What is left looks like a really simple website that contains everything I wanted to include in a personal website or resume.
As I said, I took the simple route with styling, but the endless possibilities of CSS mean that you could turn a resume site like this into a complete work of digital art.
The Choose Your Own Adventure Book
One of the most unique uses for survey software is the “choose your own adventure” books.
These are similar to R.L. Stine’s Goosebumps books in the way that they give you options to determine how the story plays out.
My highly creative colleague Caitlin created one that you can read here. It’s the story of a zombie apocalypse that allows you to create your own path.
In it, you are a character dealing with the outbreak of zombies and must make decisions throughout to try to save yourself.
Spoiler: there’s only one road to salvation. Can you find it?
Building a Choose Your Own Adventure Book
Want to give this a try for yourself? All you need is simple display logic and skip logic to keep the reader in one survey for the entirely of the story.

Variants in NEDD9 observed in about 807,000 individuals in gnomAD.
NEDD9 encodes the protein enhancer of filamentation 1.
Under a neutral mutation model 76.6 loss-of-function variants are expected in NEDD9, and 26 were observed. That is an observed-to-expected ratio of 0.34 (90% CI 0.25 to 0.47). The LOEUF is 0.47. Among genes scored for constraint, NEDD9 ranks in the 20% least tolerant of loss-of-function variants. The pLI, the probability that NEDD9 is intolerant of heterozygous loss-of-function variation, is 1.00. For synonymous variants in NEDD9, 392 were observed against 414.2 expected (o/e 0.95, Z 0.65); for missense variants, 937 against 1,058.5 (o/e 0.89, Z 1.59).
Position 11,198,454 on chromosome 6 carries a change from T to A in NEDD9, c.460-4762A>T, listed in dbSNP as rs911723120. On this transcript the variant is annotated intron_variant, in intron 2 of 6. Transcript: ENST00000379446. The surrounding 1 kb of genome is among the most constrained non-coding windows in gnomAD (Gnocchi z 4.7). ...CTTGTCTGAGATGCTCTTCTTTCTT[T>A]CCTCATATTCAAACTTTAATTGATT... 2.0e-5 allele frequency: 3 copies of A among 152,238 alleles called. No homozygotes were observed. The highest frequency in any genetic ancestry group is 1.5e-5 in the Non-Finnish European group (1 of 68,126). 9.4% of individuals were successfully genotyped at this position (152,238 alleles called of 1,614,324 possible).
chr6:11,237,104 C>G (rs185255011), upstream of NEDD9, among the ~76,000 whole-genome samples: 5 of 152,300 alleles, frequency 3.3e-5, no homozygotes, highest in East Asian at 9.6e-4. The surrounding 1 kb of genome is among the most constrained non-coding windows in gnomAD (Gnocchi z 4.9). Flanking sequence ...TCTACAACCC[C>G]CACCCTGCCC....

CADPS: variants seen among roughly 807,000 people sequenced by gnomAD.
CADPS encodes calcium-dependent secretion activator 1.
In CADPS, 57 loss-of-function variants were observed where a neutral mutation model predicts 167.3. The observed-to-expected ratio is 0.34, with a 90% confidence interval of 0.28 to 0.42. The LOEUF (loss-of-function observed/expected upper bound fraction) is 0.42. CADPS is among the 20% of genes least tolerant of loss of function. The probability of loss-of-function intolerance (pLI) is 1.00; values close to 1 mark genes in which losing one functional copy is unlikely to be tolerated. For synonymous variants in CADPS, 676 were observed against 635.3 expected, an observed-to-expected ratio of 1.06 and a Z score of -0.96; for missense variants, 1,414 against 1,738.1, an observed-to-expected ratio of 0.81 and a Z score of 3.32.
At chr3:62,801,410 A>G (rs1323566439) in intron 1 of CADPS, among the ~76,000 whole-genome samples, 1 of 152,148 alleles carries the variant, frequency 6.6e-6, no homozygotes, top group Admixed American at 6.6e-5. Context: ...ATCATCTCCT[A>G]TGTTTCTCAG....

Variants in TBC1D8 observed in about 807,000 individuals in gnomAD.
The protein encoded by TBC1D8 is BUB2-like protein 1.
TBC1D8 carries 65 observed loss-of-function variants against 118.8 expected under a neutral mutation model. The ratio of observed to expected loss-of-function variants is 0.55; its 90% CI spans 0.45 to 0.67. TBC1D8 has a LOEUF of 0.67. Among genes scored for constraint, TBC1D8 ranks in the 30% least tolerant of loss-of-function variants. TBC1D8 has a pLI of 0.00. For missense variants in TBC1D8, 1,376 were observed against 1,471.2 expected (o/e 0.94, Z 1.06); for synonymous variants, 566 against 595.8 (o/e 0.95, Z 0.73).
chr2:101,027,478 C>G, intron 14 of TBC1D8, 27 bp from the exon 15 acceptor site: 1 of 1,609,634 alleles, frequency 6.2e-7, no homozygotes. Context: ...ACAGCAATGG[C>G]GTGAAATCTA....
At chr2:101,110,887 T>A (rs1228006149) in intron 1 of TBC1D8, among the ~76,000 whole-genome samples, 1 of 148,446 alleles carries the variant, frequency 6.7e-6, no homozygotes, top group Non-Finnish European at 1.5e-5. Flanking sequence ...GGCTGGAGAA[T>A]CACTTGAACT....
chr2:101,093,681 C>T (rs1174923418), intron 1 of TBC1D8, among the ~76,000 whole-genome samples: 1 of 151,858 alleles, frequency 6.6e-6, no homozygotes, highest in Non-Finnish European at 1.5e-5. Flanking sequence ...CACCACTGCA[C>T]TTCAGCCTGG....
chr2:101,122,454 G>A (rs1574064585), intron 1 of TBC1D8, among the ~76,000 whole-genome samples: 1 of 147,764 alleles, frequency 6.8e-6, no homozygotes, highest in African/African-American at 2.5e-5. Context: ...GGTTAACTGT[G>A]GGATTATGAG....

Based off how you answer questions through the story, you are sent through a maze of pages until you reach one of many conclusions.
On page two of the story, you are forced to make your first decision. A friend of yours is in a bad way and some strangers think that it would be best to eliminate him from the equation. You are asked whether you want to try to save him or let the stranger keep him from becoming a zombie himself.
As you can see, the logic is set up based off of your two options. If you save him, you move on to Page 4. You could also choose to let your friend die and move on to Page 3, where you’ll be faced with your next decision.
The most difficult aspect of building a survey like this is keeping track of the various paths. Even updating this story for the purpose of this article, I frequently got lost and would have to run through the story to make sure that all of my paths made sense.
To help with this problem, it’s a huge help to use the page titles to keep track of where you’ve come from and where you’re going.
Other Creative Ways to Use Your Online Survey Software
Order forms, online resumes, and interactive stories are just a few of the out of the box ways to use survey software. There are many more creative ways to make the most out it, and we’d love to hear your own ideas.
Please feel free to share them in the comments below!